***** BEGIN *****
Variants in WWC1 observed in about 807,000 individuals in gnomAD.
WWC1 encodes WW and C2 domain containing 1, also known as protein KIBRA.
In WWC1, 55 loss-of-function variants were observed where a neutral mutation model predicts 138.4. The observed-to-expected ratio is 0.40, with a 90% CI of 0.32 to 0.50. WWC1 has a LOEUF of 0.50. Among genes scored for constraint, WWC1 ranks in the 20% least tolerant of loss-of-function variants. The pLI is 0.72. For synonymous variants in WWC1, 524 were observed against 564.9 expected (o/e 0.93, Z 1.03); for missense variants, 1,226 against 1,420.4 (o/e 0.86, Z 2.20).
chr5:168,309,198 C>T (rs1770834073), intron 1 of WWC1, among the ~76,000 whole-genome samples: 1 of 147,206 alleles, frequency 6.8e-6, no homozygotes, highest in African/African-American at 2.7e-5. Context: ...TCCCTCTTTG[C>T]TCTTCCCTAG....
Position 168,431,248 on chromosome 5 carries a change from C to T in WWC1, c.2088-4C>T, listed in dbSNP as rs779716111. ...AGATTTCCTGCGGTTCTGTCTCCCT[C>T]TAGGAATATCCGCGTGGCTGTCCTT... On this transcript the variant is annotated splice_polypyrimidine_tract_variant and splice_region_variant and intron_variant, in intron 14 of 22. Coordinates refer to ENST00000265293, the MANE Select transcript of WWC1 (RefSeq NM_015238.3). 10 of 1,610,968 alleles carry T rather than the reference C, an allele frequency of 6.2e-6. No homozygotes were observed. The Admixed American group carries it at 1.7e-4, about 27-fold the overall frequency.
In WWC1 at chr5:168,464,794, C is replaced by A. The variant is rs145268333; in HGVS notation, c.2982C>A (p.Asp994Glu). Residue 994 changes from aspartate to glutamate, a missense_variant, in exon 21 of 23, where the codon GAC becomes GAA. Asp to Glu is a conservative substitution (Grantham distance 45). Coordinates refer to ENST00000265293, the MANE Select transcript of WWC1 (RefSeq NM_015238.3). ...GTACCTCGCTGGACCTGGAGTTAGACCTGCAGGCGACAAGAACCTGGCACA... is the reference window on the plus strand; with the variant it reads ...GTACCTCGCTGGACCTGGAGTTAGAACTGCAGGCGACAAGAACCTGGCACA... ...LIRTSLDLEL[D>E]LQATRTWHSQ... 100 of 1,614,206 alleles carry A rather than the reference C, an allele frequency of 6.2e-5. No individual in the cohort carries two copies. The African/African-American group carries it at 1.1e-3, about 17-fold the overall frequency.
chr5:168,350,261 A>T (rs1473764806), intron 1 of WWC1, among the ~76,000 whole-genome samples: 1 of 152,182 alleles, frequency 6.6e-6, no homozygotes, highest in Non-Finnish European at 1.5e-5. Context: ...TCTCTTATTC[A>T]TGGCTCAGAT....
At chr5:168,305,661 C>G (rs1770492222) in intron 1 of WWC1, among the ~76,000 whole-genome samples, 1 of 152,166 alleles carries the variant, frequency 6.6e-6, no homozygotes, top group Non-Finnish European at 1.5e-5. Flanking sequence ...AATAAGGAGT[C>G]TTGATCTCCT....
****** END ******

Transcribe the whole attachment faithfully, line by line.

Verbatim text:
Variants in WWC1 observed in about 807,000 individuals in gnomAD.
WWC1 encodes WW and C2 domain containing 1, also known as protein KIBRA.
In WWC1, 55 loss-of-function variants were observed where a neutral mutation model predicts 138.4. The observed-to-expected ratio is 0.40, with a 90% CI of 0.32 to 0.50. WWC1 has a LOEUF of 0.50. Among genes scored for constraint, WWC1 ranks in the 20% least tolerant of loss-of-function variants. The pLI is 0.72. For synonymous variants in WWC1, 524 were observed against 564.9 expected (o/e 0.93, Z 1.03); for missense variants, 1,226 against 1,420.4 (o/e 0.86, Z 2.20).
chr5:168,309,198 C>T (rs1770834073), intron 1 of WWC1, among the ~76,000 whole-genome samples: 1 of 147,206 alleles, frequency 6.8e-6, no homozygotes, highest in African/African-American at 2.7e-5. Context: ...TCCCTCTTTG[C>T]TCTTCCCTAG....
Position 168,431,248 on chromosome 5 carries a change from C to T in WWC1, c.2088-4C>T, listed in dbSNP as rs779716111. ...AGATTTCCTGCGGTTCTGTCTCCCT[C>T]TAGGAATATCCGCGTGGCTGTCCTT... On this transcript the variant is annotated splice_polypyrimidine_tract_variant and splice_region_variant and intron_variant, in intron 14 of 22. Coordinates refer to ENST00000265293, the MANE Select transcript of WWC1 (RefSeq NM_015238.3). 10 of 1,610,968 alleles carry T rather than the reference C, an allele frequency of 6.2e-6. No homozygotes were observed. The Admixed American group carries it at 1.7e-4, about 27-fold the overall frequency.
In WWC1 at chr5:168,464,794, C is replaced by A. The variant is rs145268333; in HGVS notation, c.2982C>A (p.Asp994Glu). Residue 994 changes from aspartate to glutamate, a missense_variant, in exon 21 of 23, where the codon GAC becomes GAA. Asp to Glu is a conservative substitution (Grantham distance 45). Coordinates refer to ENST00000265293, the MANE Select transcript of WWC1 (RefSeq NM_015238.3). ...GTACCTCGCTGGACCTGGAGTTAGACCTGCAGGCGACAAGAACCTGGCACA... is the reference window on the plus strand; with the variant it reads ...GTACCTCGCTGGACCTGGAGTTAGAACTGCAGGCGACAAGAACCTGGCACA... ...LIRTSLDLEL[D>E]LQATRTWHSQ... 100 of 1,614,206 alleles carry A rather than the reference C, an allele frequency of 6.2e-5. No individual in the cohort carries two copies. The African/African-American group carries it at 1.1e-3, about 17-fold the overall frequency.
chr5:168,350,261 A>T (rs1473764806), intron 1 of WWC1, among the ~76,000 whole-genome samples: 1 of 152,182 alleles, frequency 6.6e-6, no homozygotes, highest in Non-Finnish European at 1.5e-5. Context: ...TCTCTTATTC[A>T]TGGCTCAGAT....
At chr5:168,305,661 C>G (rs1770492222) in intron 1 of WWC1, among the ~76,000 whole-genome samples, 1 of 152,166 alleles carries the variant, frequency 6.6e-6, no homozygotes, top group Non-Finnish European at 1.5e-5. Flanking sequence ...AATAAGGAGT[C>G]TTGATCTCCT....